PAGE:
Roslyn Brock, Chairman of the NAACP Board of Directors: “The Honorable Nelson Mandela embodied the hopes, dreams, aspirations and values of all who seek justice against tremendous odds. He responded to unfathomable violence with peace and courage, and in doing so he forever changed the world.”

Dr. David Emmanuel Goatley, Chairman of the International Affairs Committee of the NAACP Board of Directors: “Nelson Mandela’s legacy remains an inspiration for the work of the NAACP. In Mandela’s name we must continue to bring attention to all aspects of global apartheid characterized by poverty, inequality, discrimination, and prejudice of all kind.”

Bill Lucy, member of the NAACP National Board of Directors and labor leader: “The world has lost one of the great statesmen of our time – a man who spent 27 years in prison because he believed in the cause of equality. His loss should set an example for political leaders still here, that there is a need to lead and govern in a manner that is equitable to all people.”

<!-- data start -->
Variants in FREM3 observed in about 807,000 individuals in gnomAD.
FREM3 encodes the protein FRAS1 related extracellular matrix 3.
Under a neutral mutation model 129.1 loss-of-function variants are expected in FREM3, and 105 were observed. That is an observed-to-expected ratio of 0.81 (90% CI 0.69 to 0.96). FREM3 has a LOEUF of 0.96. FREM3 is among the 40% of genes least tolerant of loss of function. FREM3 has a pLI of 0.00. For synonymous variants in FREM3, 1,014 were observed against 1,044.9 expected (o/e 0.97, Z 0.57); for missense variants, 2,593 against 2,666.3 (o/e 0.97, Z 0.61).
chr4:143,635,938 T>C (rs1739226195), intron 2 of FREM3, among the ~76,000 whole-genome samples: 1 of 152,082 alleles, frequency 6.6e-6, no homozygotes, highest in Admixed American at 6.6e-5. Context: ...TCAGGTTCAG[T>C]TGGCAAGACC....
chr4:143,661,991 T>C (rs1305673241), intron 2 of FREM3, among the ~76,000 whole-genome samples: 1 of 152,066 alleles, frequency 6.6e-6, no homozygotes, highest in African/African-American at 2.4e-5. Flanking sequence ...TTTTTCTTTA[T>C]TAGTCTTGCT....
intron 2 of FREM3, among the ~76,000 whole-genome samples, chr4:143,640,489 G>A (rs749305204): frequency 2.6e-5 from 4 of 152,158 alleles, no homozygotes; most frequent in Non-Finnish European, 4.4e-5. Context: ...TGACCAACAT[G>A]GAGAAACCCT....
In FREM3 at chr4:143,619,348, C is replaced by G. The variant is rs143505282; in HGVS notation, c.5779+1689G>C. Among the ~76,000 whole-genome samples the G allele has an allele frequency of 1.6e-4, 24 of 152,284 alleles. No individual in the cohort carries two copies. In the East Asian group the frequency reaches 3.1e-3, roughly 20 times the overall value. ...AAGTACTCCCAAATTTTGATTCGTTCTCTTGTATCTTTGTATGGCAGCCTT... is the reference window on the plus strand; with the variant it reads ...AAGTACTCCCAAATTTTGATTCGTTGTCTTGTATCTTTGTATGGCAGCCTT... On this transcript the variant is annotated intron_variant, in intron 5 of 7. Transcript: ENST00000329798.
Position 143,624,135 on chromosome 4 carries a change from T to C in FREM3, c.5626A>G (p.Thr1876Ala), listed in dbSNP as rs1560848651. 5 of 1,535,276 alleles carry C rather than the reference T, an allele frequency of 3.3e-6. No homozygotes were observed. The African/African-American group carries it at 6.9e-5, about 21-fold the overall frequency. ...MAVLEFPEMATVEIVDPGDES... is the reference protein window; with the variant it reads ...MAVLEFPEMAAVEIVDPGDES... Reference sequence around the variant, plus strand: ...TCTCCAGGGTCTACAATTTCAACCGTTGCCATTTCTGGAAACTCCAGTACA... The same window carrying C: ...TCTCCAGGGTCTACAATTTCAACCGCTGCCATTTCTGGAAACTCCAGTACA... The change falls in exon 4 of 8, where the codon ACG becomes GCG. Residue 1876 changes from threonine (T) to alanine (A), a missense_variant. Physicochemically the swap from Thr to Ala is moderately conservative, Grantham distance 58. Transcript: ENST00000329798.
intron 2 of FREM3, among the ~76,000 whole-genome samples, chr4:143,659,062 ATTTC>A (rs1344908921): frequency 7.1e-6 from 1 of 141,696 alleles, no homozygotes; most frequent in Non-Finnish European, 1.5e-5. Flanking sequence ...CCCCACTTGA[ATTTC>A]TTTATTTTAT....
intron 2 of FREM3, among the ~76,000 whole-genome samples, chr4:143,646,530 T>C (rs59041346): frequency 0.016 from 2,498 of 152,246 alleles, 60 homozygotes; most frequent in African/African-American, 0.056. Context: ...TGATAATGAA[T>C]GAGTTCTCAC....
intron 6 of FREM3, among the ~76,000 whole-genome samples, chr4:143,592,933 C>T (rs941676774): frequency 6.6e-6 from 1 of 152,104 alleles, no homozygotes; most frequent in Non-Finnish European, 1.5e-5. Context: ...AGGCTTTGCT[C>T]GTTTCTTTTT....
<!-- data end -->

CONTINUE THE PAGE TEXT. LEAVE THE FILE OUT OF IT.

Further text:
Lorraine Miller, Interim NAACP President and CEO: “President Mandela was humanity’s greatest living hero. His unwavering sense of justice and peace transformed a nation and inspired the world.”

New York City Council Member and Public Advocate-Elect Letitia James:  “I join the world in mourning the loss of Nelson Mandela. Today, we recognize and celebrate the tremendous political and social justice contributions of President Mandela, which have had an immeasurable effect on worldwide activism and human rights.” In 1990, Mandela visited Brooklyn’s Bedford-Stuyvesant less than 5 months after his release from prison, during his 14 nation tour in 1990. President Nelson Mandela was awarded the US Presidential Medal of Freedom and the 1993 Nobel Peace Prize, among many other international honors.

New York Governor Andrew M. Cuomo: “Nelson Mandela refused to accept injustice, fought relentlessly for what was right, and showed that a dedicated person of courage actually can change the course of history. His struggle to end racism, poverty and inequality began with his fight against apartheid, continued through his service as the first black President of South Africa and is now passed on for the world to continue. We will not soon see again, nor should we ever forget the profound example of humanity that Nelson Mandela embodied. While President Mandala is no longer with us, here in New York and all around the globe, his legacy lives on. His family and friends, and the people of South Africa, are in my thoughts and prayers along with those of all New Yorkers.